Today I'm excited to be part of the tour for To Dream and Die as a Tanishha Girl, by Benedit Patrick, part of the Yarnsworld Series which is fantasy inspired by real-life folklore. He stopped by for an amazing interview, where he discusses this series, his writing process, has some advice for aspiring and beginning writers, and tells more about his gorgeous covers!
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There is a price to pay for becoming a story.
Kaimana has defied the gods and won the freedom to spend the rest of her days travelling the collection of tropical islands she calls home.
But the people of the islands have taken notice of her.
They have started to tell her story; for many children, one of their favourite fireside tales is now that of the Taniwha Girl, the brave woman who befriends monsters.
Some islanders even pray to her.
The gods are displeased, but they are not the only ones paying attention to Kaimana’s rise to fame. On the borders of the island ring, an ancient demon - an old enemy of the Crescent Atoll - spreads its influence, and a spider-faced figure shadows Kaimana’s movements.
To secure her own safety, and that of her island home, Kaimana has to make a choice: turn her back on the people of the Crescent Atoll and continue enjoying the life she has won for herself, or give up all she holds dear to live up to the legend of the Taniwha Girl.
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Interview with Author Benedict Patrick
1. I’ll confess that only now I’m getting familiar with the Yarnsworld series. Can you explain a little what it is about and what kind of readers will enjoy it?
All the books set in the Yarnsworld are standalone fantasy tales inspired by real-world folklore. For darker stories inspired by Brothers Grimm-esque Black Forest tales, readers might enjoy the stories set in the Magpie King’s forest. Those Brave, Foolish Souls from the City of Swords features bands of colourfully masked, moral-free swordfighters. And Where the Waters Turn Black and To Dream and Die as a Taniwha Girl are both set on a ring of tropical islands inspired by real-world Polynesia.
Yarnsworld tales don’t focus on your typical heroes - these characters aren’t the strongest, they aren’t the most loved. But they might be the only ones willing to make the sacrifices needed to survive in a world haunted by stories.
2. Your series has gorgeous covers. Can you tell us a little about them?
I have been blessed with the best cover designer in the business. Jenny Zemanek’s work on Intisar Khanani’s Thorn was one of the reasons I started to take indie publishing seriously as an avenue to get my stories out into the world - seeing such a polished cover on an indie book for the first time instantly dispelled any preconceptions I had that all self published books were amateur affairs at best (it also helped that ‘Thorn’ was an amazing story - recently traditionally republished and available now at all good bookstores!).
After taking that small step, it only stood to reason I would reach out to Jenny to see if she would be available to work on my stories.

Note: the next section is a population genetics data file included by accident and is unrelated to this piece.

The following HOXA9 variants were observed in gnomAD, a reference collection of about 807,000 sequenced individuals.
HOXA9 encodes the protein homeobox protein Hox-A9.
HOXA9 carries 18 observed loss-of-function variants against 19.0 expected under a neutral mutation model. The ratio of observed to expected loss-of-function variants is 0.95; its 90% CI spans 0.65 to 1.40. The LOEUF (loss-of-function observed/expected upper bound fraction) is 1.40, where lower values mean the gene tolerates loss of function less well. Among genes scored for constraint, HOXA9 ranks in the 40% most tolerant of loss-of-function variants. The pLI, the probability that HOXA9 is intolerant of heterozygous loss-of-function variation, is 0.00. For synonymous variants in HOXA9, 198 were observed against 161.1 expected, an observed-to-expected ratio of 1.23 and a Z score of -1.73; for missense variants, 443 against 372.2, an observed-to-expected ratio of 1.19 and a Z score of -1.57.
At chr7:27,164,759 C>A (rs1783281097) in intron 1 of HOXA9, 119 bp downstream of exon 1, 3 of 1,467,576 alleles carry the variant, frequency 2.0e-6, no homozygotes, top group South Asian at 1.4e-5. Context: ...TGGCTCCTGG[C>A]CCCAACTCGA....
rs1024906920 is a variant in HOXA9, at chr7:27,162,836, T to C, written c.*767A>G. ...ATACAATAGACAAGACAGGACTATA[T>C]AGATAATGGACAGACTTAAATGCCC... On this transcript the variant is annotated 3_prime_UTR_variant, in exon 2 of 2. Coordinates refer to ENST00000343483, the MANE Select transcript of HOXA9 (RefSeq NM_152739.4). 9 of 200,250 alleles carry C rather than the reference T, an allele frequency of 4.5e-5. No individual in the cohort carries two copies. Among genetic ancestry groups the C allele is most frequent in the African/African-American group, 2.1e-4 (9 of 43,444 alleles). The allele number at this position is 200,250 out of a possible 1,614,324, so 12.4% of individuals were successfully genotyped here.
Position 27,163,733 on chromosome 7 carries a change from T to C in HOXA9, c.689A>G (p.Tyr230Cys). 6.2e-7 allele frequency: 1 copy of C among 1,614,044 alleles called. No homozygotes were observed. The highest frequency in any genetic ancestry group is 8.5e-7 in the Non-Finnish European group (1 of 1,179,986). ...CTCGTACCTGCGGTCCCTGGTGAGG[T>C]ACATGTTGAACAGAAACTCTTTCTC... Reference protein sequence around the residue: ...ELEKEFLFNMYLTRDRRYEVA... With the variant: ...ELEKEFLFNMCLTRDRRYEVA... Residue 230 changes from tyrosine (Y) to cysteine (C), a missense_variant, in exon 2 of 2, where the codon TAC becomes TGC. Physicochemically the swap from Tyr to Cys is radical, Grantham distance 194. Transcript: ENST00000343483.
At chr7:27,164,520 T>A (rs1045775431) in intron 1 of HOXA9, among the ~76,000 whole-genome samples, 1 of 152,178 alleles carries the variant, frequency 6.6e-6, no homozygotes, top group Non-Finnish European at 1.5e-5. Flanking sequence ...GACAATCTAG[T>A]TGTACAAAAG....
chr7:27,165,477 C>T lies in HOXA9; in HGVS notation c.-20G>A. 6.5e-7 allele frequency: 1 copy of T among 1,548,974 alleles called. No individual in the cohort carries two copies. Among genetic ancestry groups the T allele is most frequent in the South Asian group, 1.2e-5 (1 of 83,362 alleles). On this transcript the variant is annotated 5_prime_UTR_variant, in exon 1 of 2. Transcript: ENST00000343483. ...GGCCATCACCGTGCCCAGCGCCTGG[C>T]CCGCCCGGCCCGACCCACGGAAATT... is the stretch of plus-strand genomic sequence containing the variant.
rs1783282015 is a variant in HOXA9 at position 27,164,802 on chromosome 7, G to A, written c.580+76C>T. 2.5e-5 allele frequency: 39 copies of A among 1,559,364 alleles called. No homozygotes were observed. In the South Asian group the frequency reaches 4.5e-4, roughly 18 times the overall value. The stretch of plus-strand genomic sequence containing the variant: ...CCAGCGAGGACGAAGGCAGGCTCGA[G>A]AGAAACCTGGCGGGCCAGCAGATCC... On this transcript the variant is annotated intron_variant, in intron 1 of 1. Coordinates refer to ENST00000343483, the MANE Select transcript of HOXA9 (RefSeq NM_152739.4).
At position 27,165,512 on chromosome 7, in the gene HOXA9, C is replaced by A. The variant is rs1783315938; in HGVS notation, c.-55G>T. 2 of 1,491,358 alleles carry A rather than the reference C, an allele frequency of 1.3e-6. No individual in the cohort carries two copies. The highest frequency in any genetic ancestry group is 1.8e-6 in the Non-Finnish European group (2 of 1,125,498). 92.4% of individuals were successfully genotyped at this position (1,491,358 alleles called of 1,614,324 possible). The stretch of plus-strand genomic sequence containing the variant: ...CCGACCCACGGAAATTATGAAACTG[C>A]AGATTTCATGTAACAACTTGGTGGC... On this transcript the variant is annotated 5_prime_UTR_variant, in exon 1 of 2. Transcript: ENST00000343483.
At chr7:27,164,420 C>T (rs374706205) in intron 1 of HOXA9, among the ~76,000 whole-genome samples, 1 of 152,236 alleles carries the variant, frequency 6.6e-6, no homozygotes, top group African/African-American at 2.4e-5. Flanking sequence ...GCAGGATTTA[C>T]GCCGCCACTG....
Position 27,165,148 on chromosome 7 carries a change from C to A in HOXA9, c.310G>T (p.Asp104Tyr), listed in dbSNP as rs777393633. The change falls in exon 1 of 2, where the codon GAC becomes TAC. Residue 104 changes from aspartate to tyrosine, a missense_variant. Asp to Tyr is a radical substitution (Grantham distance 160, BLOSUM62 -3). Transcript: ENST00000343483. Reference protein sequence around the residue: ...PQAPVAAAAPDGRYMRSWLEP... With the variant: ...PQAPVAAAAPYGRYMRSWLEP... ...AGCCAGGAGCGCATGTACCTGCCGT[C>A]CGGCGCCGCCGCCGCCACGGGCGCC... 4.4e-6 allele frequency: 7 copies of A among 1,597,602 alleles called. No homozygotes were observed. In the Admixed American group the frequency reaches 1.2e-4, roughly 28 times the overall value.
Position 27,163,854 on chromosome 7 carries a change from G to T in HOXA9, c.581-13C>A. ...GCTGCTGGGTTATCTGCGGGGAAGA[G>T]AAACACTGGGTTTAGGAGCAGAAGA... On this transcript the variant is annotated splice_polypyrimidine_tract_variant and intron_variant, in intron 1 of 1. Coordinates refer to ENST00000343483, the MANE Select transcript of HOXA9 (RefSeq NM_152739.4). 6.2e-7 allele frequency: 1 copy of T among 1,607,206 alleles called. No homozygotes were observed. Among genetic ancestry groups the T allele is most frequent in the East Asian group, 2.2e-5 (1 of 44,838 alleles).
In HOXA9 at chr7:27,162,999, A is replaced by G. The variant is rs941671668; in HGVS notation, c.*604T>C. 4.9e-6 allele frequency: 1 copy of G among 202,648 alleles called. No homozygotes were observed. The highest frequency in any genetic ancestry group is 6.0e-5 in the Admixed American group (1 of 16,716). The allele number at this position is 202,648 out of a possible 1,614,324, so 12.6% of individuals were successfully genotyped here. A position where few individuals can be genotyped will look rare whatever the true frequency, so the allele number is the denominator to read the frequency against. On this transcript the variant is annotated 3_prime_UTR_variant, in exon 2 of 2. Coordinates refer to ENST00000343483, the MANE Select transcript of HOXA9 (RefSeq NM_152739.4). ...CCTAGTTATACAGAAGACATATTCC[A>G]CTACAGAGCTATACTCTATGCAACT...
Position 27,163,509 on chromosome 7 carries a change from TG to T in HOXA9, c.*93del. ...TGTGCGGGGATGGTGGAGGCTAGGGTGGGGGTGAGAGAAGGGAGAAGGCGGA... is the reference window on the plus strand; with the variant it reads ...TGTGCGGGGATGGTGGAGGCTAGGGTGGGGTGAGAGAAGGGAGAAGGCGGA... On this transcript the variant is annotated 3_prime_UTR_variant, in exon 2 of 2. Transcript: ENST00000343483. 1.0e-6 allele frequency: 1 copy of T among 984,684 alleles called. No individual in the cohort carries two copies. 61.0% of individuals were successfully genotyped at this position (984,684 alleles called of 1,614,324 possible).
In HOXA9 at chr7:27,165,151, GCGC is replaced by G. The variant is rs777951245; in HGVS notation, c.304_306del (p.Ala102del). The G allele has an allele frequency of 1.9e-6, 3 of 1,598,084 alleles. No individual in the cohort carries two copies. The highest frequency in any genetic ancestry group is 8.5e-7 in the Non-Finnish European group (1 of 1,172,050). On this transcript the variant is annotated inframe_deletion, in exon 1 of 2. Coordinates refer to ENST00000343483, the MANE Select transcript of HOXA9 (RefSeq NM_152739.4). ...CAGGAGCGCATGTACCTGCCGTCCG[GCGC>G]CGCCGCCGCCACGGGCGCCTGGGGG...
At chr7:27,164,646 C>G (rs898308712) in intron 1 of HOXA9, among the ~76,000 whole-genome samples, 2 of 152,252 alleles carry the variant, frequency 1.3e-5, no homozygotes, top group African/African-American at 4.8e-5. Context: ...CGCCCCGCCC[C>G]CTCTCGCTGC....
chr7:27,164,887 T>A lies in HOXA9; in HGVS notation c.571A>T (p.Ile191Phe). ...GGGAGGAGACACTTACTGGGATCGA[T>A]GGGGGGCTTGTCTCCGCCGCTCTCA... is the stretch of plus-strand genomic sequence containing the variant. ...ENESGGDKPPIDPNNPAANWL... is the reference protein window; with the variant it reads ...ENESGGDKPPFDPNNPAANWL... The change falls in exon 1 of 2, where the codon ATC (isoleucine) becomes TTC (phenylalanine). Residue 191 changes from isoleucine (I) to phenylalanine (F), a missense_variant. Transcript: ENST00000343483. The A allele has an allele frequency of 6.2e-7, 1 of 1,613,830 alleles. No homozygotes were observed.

I’ve always said, my contribution to the covers is to give Jenny a good idea of what the story is about, and then to get out of her way and let her work her magic.
3. Are you a plotter or a pantser? Any tips on that?
I’m a firm plotter - I spend a crazy amount of time structuring my books before beginning to write them, and have recently started going over my plans with my editor prior to writing, to catch any issues (or possibilities) that I hadn’t accounted for. I find it helps me to be efficient with my writing time if I know exactly what is coming next. That doesn’t mean I’m a slave to the plan - those characters do like to do their own thing - but it is a guide I don’t think I could do without.
4. Could you give an advice for someone who’s starting to write?
Show your work to people. Don’t spend decades doing what I did - I kept it to myself, not wanting to show it to anyone else because I thought it wasn’t good enough.
I was right, by the way - it wasn’t good enough. Not by a long shot. But the feedback I got people (especially those I didn’t know) helped me to get good enough... well, good enough to start, anyway - there’s always more growing to do...
5. Who’s your favorite character in the novel and why?
I don’t think I can share my favourite character to write, as they are a character whose identity is discovered as the story unfolds. I’ve got a massive soft spot for Rakau, though - he’s a wooden cat-dog monster the size of a house, whose body is covered in decorative swirls and seaweed. Rakau can eat an entire canoe of warriors in a single bite... and he’s the Crescent Atoll’s best good boi.
Thanks again for taking the time to ask these questions, and I hope you enjoy the story!
Benedict Patrick is from a small town in Northern Ireland called Banbridge, but has been living and working in Scotland since he moved there at the age of eighteen. Tragically, that was quite a while ago.
He has been writing for most of his life, and has been reading for pretty much all of it (with help from mum and dad at the beginning). Benedict's life changed when a substitute primary school teacher read his class part of The Hobbit and later loaned him the book – he fell in love with the fantasy genre and never looked back.
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NOVEMBER 18TH – THE WELCOMING
NOVEMBER 24TH – THE ENCORE